viral gene cloning n.
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Viral Gene Cloning

Viral Gene Cloning

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Viral Gene Cloning

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  1. Viral Gene Cloning

  2. Phages can “hijack” bacterial replication machinery and clone a gene through self replication

  3. A phage can be used to insert a gene into a plasmid

  4. Verification of Gene Expression Techniques • GFP tagged protein • LacZ • Double Antibiotic

  5. GFP Expressed Ignore the Red Colonies Plasmid without GFP GFP Expressed GFP Marker • Gene of interest has GFP gene attached to it • Bacteria grown on antibiotic agar • Glowing colonies are expressing GFP and therefore your gene of interest

  6. LacZ • Plasmid has gene for Antibiotic resistance and lacZ. Gene of interest is inserted into the middle of lacZ to disrupt gene production. • LacZ encodes for the enzyme beta-galactosidase which breaks lactose into glucose and galactose. β-galactosidase cleaves the colorless substrate X-gal (included in agar) into galactose and a blue insoluble product of the cleavage • Colonies with gene of interest will grow white, colonies without gene will grow blue • Lactose can then be used to induce protein production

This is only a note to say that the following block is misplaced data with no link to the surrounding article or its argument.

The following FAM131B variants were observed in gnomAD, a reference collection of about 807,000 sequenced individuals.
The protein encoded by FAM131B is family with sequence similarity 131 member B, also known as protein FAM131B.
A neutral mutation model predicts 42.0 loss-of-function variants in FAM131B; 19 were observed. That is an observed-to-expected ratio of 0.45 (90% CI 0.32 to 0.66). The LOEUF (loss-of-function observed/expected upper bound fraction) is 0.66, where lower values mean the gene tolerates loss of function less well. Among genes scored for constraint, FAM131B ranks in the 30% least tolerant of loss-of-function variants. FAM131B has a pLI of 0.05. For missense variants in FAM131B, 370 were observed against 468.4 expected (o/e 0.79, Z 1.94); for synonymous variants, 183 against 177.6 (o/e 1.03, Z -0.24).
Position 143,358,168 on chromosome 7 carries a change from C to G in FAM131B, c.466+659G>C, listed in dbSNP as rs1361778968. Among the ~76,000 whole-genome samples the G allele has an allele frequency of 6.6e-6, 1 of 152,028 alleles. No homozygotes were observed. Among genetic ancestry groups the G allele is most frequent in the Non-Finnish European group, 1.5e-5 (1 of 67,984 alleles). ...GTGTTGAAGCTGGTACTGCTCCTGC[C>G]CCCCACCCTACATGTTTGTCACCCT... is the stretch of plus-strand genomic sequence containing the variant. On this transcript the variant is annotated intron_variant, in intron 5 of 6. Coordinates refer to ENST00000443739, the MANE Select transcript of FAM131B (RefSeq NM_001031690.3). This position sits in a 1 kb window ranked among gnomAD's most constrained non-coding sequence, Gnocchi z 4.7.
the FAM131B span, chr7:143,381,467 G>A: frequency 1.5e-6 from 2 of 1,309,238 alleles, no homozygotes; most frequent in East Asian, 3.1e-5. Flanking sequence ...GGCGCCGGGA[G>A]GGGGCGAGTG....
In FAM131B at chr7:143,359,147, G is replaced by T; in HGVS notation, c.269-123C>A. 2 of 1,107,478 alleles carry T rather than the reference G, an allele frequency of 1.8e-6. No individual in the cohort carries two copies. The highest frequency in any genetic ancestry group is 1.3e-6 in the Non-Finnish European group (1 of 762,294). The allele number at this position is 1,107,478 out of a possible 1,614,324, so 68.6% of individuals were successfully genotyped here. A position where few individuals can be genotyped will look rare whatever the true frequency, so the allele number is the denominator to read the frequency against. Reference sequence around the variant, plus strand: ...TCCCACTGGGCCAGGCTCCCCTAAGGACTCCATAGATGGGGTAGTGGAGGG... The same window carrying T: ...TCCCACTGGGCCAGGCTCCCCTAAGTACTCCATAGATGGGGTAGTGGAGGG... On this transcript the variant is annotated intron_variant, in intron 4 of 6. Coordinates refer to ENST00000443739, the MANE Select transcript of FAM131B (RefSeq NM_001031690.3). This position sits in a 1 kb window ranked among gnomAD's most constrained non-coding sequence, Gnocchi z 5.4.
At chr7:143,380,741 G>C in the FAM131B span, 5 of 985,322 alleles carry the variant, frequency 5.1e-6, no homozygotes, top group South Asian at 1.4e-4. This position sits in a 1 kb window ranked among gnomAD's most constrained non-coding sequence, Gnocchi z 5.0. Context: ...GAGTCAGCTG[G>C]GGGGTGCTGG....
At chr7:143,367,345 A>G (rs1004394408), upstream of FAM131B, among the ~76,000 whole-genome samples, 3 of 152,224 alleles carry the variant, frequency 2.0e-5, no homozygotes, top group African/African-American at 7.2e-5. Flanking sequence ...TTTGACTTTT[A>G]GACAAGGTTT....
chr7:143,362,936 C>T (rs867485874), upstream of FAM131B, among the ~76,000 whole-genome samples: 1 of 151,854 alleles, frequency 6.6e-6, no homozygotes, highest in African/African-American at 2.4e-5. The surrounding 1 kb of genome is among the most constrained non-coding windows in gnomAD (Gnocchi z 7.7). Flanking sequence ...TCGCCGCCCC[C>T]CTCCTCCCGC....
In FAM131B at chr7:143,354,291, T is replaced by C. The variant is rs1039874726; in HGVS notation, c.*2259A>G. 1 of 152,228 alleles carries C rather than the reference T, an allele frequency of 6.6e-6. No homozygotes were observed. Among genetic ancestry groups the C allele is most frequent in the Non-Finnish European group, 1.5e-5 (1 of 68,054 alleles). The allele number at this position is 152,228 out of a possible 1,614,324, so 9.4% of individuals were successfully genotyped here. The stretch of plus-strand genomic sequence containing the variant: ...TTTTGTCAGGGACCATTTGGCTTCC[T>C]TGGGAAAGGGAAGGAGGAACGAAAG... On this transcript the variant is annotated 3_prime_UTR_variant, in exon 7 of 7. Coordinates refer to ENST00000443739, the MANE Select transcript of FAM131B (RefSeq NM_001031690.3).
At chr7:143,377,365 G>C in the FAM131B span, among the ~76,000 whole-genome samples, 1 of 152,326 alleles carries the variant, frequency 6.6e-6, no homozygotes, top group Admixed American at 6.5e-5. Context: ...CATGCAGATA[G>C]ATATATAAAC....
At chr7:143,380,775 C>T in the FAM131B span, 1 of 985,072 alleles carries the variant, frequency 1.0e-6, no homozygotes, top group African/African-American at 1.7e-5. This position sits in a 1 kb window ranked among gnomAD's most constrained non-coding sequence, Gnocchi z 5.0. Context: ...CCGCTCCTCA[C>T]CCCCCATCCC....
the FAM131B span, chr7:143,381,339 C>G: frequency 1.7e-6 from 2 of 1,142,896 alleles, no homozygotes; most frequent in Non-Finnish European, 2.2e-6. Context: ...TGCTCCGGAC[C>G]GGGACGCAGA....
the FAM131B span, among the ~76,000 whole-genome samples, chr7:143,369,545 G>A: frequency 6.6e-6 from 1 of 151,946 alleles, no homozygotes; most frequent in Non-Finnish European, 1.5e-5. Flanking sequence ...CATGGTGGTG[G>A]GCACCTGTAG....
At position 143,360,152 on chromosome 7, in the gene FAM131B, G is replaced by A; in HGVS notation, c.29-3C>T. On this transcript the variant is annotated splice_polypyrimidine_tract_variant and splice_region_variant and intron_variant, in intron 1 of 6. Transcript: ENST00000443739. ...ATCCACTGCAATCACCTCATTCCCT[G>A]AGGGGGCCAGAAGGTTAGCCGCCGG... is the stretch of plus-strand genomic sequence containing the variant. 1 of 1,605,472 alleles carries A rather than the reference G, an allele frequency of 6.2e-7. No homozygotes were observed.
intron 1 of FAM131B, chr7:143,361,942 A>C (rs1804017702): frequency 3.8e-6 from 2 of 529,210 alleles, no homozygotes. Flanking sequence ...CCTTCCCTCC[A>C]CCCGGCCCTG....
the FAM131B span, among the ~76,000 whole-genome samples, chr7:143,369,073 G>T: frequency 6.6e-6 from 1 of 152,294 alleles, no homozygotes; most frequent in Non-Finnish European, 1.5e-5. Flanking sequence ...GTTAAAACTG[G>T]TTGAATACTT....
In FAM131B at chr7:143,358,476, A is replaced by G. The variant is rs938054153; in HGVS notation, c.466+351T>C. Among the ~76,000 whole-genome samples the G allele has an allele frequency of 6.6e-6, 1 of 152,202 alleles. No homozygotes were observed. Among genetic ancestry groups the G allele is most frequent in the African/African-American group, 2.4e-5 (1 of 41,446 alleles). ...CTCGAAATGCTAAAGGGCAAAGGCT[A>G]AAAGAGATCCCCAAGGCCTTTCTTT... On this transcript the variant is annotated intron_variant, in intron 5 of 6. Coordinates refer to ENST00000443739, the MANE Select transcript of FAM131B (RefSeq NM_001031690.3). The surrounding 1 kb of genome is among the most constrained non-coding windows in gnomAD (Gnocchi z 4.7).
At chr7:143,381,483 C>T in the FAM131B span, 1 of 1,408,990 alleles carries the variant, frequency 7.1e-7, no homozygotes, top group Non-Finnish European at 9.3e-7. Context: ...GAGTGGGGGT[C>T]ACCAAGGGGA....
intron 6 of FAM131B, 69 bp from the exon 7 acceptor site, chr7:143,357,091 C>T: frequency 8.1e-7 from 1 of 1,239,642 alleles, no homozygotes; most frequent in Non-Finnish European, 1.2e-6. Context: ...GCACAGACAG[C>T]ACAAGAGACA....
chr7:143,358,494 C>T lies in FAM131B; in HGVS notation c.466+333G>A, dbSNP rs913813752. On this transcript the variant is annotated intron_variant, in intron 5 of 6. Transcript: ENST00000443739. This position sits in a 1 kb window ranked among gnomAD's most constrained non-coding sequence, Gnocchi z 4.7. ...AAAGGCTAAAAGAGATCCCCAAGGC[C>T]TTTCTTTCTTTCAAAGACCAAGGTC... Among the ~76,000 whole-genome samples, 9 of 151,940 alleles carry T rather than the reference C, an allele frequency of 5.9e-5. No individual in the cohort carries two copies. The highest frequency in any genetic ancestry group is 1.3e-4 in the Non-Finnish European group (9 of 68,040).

7. Double Antibiotic • Plasmid vector contains genes for Antibiotic Resistance “A” and Antibiotic Resistance “B”. • Gene of interest is inserted into the middle of Antibiotic Resistance B to disrupt production • All bacteria with a plasmid will grow on a plate with Antibiotic A • A replica plate is made with Antibiotic B. Only empty plasmids without the gene of interest will grow • This plate is compared to the original plate and colonies with only resistance to Antibiotic A are selected

  8. In step 3 the different bacteria with these plasmid are cultured. Using a process called replica plating where a piece of velvet is put on top of the master plate bacteria, then transfered to make a copy onto the next. The cultures are next grown on a plate containing Ampicillin, this will kill the bacteria without the resistance to the gene, i.e bacteria with plasmid C (ring on insulin) and bacteria without our plasmid at all. What is left on the Amp plate will be bacteria with plasmids A and B (see diagram above this one). These are now transfered to a final plate containing Tetracycline. This will kill bacteria containing plasmid B because the Tetra. resistance gene has been disrupted by the insulin gene. Now all we have to do is compare the bacterial colonies to see where the insulin containing bacteria are. Follow this link for complete description of this technique